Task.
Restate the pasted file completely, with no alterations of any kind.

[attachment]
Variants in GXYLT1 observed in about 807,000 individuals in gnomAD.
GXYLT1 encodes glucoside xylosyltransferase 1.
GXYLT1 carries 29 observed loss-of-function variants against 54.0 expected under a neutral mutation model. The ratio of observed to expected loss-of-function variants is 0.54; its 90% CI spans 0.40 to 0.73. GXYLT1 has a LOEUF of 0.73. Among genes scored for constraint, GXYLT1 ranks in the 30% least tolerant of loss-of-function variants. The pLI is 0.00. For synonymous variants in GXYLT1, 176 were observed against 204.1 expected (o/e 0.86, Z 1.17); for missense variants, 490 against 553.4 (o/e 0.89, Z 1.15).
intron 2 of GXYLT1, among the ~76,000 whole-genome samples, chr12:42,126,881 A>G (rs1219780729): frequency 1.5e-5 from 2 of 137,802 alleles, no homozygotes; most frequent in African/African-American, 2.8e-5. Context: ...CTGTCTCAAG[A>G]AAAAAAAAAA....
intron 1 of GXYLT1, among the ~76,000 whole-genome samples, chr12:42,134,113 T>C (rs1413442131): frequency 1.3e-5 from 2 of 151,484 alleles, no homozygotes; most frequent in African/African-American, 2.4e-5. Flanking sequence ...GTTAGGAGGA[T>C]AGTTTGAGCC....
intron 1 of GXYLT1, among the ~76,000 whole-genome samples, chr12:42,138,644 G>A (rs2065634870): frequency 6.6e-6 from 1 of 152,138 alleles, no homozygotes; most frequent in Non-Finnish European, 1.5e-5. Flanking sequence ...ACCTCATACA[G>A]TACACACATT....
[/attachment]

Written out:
Variants in GXYLT1 observed in about 807,000 individuals in gnomAD.
GXYLT1 encodes glucoside xylosyltransferase 1.
GXYLT1 carries 29 observed loss-of-function variants against 54.0 expected under a neutral mutation model. The ratio of observed to expected loss-of-function variants is 0.54; its 90% CI spans 0.40 to 0.73. GXYLT1 has a LOEUF of 0.73. Among genes scored for constraint, GXYLT1 ranks in the 30% least tolerant of loss-of-function variants. The pLI is 0.00. For synonymous variants in GXYLT1, 176 were observed against 204.1 expected (o/e 0.86, Z 1.17); for missense variants, 490 against 553.4 (o/e 0.89, Z 1.15).
intron 2 of GXYLT1, among the ~76,000 whole-genome samples, chr12:42,126,881 A>G (rs1219780729): frequency 1.5e-5 from 2 of 137,802 alleles, no homozygotes; most frequent in African/African-American, 2.8e-5. Context: ...CTGTCTCAAG[A>G]AAAAAAAAAA....
intron 1 of GXYLT1, among the ~76,000 whole-genome samples, chr12:42,134,113 T>C (rs1413442131): frequency 1.3e-5 from 2 of 151,484 alleles, no homozygotes; most frequent in African/African-American, 2.4e-5. Flanking sequence ...GTTAGGAGGA[T>C]AGTTTGAGCC....
intron 1 of GXYLT1, among the ~76,000 whole-genome samples, chr12:42,138,644 G>A (rs2065634870): frequency 6.6e-6 from 1 of 152,138 alleles, no homozygotes; most frequent in Non-Finnish European, 1.5e-5. Flanking sequence ...ACCTCATACA[G>A]TACACACATT....